Plans and priorities for the Callaghan

During a February workshop the new Whistler council identified its top five priorities as: 1. The Comprehensive Sustainability Plan; 2. a transition strategy to deal with issues until the CSP is adopted; 3. affordability and affordable housing; 4. financial sustainability, and; 5. relations with the provincial government.

If one was to judge by the municipal budget, however, the CSP would appear to be far down on the list of priorities. Only $100,000 is budgeted for the completion of the CSP. It's patently unfair to pick other projects and compare budgets, but it's also interesting.

For instance, the municipality has budgeted $50,000 this year to acquire land and plan for a proper dog pound. Next year's budget will presumably allow funds for the construction of the pound.

The municipality has also budgeted $50,000 for the design and construction of two bus shelters - $25,000 each - on Northlands Boulevard and at Meadow Park.

So for $100,000 we'll have two very nice bus shelters, a site for the long-awaited dog pound and designs for the building by the end of the year. And for another $100,000 we'll have a new community plan that will guide development, shape growth and define what Whistler will be for the next decade or more.

This simple comparison overlooks the work that was done last year in phase 1 of the CSP, at a cost of approximately $700,000. What that phase of the process produced may be clearer once the public portion of phase II commences.

It is also most likely the case that some of the costs for the next phase or phases of the CSP will be absorbed as municipal staff time, rather than appear as special budgets for consultants.

But regardless of the budget, one of the key questions the next phase of the CSP should deal with is the Callaghan Valley: will it be the new down-valley residential area for people who work in Whistler, or will we continue to seek affordable housing in the traditional residential area between Function Junction and Emerald Estates? It relates to number 3 on council's priority list, but it is a question made more complicated by the interests in and promises made for the Callaghan.

The Callaghan Valley is, of course, a significant part of the Olympic bid, and if we are awarded the Games on July 2 work is to start "immediately" on the Nordic centre in the Callaghan. An athletes village would also be part of the development.

The province has promised Whistler 300 acres of land for resident housing and related services, regardless of whether the bid is successful or not, and the assumption is that most or all of that land will be in the Callaghan.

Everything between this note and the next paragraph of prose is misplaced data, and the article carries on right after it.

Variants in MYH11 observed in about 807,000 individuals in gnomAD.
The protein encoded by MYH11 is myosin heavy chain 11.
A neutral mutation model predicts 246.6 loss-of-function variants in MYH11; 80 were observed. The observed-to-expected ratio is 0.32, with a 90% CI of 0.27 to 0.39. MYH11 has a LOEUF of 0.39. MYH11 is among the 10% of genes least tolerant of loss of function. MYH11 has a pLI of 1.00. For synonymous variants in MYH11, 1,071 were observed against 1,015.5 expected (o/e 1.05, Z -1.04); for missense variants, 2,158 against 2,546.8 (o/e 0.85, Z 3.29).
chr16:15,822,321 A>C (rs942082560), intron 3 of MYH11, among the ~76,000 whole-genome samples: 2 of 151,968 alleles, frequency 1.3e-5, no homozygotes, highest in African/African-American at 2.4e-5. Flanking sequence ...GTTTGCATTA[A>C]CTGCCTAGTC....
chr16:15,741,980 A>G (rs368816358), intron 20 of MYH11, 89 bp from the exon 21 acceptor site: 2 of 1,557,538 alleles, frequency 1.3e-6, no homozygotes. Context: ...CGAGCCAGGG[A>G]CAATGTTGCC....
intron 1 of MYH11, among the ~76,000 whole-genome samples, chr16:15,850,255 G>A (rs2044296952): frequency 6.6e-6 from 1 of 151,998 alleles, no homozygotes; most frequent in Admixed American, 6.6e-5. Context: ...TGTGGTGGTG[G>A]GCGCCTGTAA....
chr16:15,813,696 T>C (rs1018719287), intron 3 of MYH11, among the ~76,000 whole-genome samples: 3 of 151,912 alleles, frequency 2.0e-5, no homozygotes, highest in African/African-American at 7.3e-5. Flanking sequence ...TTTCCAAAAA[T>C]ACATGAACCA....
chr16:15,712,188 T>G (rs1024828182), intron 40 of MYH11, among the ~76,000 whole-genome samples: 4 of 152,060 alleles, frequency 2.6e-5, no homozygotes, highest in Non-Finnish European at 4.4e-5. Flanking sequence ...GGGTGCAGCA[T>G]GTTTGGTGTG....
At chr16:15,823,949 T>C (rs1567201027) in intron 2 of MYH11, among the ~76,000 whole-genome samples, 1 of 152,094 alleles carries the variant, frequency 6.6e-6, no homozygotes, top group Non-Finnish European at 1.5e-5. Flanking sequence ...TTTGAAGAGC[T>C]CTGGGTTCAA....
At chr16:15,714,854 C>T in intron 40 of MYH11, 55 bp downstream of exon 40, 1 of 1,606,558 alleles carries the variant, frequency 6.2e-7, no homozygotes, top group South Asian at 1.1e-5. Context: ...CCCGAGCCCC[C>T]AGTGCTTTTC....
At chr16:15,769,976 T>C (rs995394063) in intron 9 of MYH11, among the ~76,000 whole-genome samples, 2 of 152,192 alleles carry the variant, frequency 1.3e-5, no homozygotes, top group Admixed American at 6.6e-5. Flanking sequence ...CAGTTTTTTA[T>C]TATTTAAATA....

There have also been promises made to First Nations about land and opportunities available to them in the Callaghan. A golf course and a hotel have been mentioned.

But what exactly happens in the Callaghan would seem to depend on two things: the success or failure of the Olympic bid and the outcome of Whistler's CSP.

If the Olympic bid is unsuccessful, the CSP would seem to be the major determining factor. But if we get the Games a lot more interests come into play and the CSP could be steamrollered.

Infrastructure, including sewer, water, power, roads and transit, will be required for the Nordic centre and athletes village. The federal and provincial governments will pay, but they may want to see a good return on their investment. It's going to cost a fair bit to bring those services into the valley, so why not plan for 5,000 people using them instead of 1,000?

That may or may not jibe with the vision Whistlerites define for themselves and the Callaghan in the CSP process. Then again, it may not matter.

The Liberals in Victoria like the constant stream of revenue from Whistler, the only thing they would like is more - particularly given that they have promised to balance the budget next year. If increasing sewer capacity in the Callaghan produces a larger development in the valley and more tax revenue (and keep in mind the feds would be paying half of the infrastructure costs), Victoria is hardly going to object.

Similarly the Ottawa Liberals, with a new prime minister waiting in the wings, will be anxious to get some mileage out of the Games. The Callaghan, with First Nations projects in the mix, would be a nice legacy they could point to.

As for Whistlerites' thoughts on the Callaghan, let's hope they are clearly reflected in the CSP and that senior levels of government respect those thoughts.


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